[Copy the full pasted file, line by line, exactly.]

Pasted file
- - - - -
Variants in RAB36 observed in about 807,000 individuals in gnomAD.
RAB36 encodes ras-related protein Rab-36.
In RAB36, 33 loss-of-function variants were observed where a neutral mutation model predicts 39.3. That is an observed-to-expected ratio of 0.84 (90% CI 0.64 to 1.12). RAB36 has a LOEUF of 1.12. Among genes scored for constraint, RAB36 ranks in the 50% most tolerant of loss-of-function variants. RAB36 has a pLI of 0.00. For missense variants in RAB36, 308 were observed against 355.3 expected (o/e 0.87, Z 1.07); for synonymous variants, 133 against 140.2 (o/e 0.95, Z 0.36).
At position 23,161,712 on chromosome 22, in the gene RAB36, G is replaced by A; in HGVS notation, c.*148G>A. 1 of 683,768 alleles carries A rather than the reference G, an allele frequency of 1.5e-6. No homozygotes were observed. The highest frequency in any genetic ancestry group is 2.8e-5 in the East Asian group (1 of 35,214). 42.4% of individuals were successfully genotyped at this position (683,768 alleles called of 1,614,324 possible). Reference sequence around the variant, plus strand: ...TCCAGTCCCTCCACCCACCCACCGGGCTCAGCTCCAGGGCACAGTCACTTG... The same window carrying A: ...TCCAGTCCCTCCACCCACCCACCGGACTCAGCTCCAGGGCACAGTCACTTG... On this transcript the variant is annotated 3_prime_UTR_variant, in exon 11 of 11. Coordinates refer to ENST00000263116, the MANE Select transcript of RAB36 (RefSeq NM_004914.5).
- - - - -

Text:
Variants in RAB36 observed in about 807,000 individuals in gnomAD.
RAB36 encodes ras-related protein Rab-36.
In RAB36, 33 loss-of-function variants were observed where a neutral mutation model predicts 39.3. That is an observed-to-expected ratio of 0.84 (90% CI 0.64 to 1.12). RAB36 has a LOEUF of 1.12. Among genes scored for constraint, RAB36 ranks in the 50% most tolerant of loss-of-function variants. RAB36 has a pLI of 0.00. For missense variants in RAB36, 308 were observed against 355.3 expected (o/e 0.87, Z 1.07); for synonymous variants, 133 against 140.2 (o/e 0.95, Z 0.36).
At position 23,161,712 on chromosome 22, in the gene RAB36, G is replaced by A; in HGVS notation, c.*148G>A. 1 of 683,768 alleles carries A rather than the reference G, an allele frequency of 1.5e-6. No homozygotes were observed. The highest frequency in any genetic ancestry group is 2.8e-5 in the East Asian group (1 of 35,214). 42.4% of individuals were successfully genotyped at this position (683,768 alleles called of 1,614,324 possible). Reference sequence around the variant, plus strand: ...TCCAGTCCCTCCACCCACCCACCGGGCTCAGCTCCAGGGCACAGTCACTTG... The same window carrying A: ...TCCAGTCCCTCCACCCACCCACCGGACTCAGCTCCAGGGCACAGTCACTTG... On this transcript the variant is annotated 3_prime_UTR_variant, in exon 11 of 11. Coordinates refer to ENST00000263116, the MANE Select transcript of RAB36 (RefSeq NM_004914.5).